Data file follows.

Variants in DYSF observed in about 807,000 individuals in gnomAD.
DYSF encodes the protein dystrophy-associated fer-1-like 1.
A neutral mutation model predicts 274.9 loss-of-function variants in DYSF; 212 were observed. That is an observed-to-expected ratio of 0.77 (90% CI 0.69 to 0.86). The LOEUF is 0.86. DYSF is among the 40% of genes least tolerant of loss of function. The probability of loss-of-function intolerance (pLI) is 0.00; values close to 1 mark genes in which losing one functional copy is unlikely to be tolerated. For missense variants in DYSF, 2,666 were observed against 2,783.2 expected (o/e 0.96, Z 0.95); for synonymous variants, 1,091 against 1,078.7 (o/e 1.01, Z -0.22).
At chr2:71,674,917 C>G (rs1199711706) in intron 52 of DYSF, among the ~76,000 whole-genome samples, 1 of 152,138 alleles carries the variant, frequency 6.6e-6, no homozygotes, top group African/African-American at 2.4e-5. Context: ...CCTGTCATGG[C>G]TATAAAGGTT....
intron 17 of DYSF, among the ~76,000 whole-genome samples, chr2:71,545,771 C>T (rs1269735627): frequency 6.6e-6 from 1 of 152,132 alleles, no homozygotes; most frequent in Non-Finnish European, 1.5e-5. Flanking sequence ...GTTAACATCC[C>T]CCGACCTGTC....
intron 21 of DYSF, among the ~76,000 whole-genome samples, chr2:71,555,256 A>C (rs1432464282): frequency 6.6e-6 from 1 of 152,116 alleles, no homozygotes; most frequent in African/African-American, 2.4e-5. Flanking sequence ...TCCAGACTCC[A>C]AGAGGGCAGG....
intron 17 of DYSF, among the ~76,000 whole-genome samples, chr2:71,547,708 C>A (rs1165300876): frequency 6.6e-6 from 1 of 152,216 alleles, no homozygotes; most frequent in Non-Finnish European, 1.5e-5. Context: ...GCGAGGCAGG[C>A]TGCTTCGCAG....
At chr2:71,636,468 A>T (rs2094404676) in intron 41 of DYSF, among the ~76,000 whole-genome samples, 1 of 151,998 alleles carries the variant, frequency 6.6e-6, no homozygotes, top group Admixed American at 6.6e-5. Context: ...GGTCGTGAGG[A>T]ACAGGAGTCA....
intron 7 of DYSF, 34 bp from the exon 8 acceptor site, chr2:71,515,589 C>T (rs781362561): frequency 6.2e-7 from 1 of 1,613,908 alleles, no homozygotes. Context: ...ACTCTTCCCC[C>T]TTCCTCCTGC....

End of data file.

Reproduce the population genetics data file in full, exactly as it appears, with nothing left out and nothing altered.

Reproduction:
Variants in DYSF observed in about 807,000 individuals in gnomAD.
DYSF encodes the protein dystrophy-associated fer-1-like 1.
A neutral mutation model predicts 274.9 loss-of-function variants in DYSF; 212 were observed. That is an observed-to-expected ratio of 0.77 (90% CI 0.69 to 0.86). The LOEUF is 0.86. DYSF is among the 40% of genes least tolerant of loss of function. The probability of loss-of-function intolerance (pLI) is 0.00; values close to 1 mark genes in which losing one functional copy is unlikely to be tolerated. For missense variants in DYSF, 2,666 were observed against 2,783.2 expected (o/e 0.96, Z 0.95); for synonymous variants, 1,091 against 1,078.7 (o/e 1.01, Z -0.22).
At chr2:71,674,917 C>G (rs1199711706) in intron 52 of DYSF, among the ~76,000 whole-genome samples, 1 of 152,138 alleles carries the variant, frequency 6.6e-6, no homozygotes, top group African/African-American at 2.4e-5. Context: ...CCTGTCATGG[C>G]TATAAAGGTT....
intron 17 of DYSF, among the ~76,000 whole-genome samples, chr2:71,545,771 C>T (rs1269735627): frequency 6.6e-6 from 1 of 152,132 alleles, no homozygotes; most frequent in Non-Finnish European, 1.5e-5. Flanking sequence ...GTTAACATCC[C>T]CCGACCTGTC....
intron 21 of DYSF, among the ~76,000 whole-genome samples, chr2:71,555,256 A>C (rs1432464282): frequency 6.6e-6 from 1 of 152,116 alleles, no homozygotes; most frequent in African/African-American, 2.4e-5. Flanking sequence ...TCCAGACTCC[A>C]AGAGGGCAGG....
intron 17 of DYSF, among the ~76,000 whole-genome samples, chr2:71,547,708 C>A (rs1165300876): frequency 6.6e-6 from 1 of 152,216 alleles, no homozygotes; most frequent in Non-Finnish European, 1.5e-5. Context: ...GCGAGGCAGG[C>A]TGCTTCGCAG....
At chr2:71,636,468 A>T (rs2094404676) in intron 41 of DYSF, among the ~76,000 whole-genome samples, 1 of 151,998 alleles carries the variant, frequency 6.6e-6, no homozygotes, top group Admixed American at 6.6e-5. Context: ...GGTCGTGAGG[A>T]ACAGGAGTCA....
intron 7 of DYSF, 34 bp from the exon 8 acceptor site, chr2:71,515,589 C>T (rs781362561): frequency 6.2e-7 from 1 of 1,613,908 alleles, no homozygotes. Context: ...ACTCTTCCCC[C>T]TTCCTCCTGC....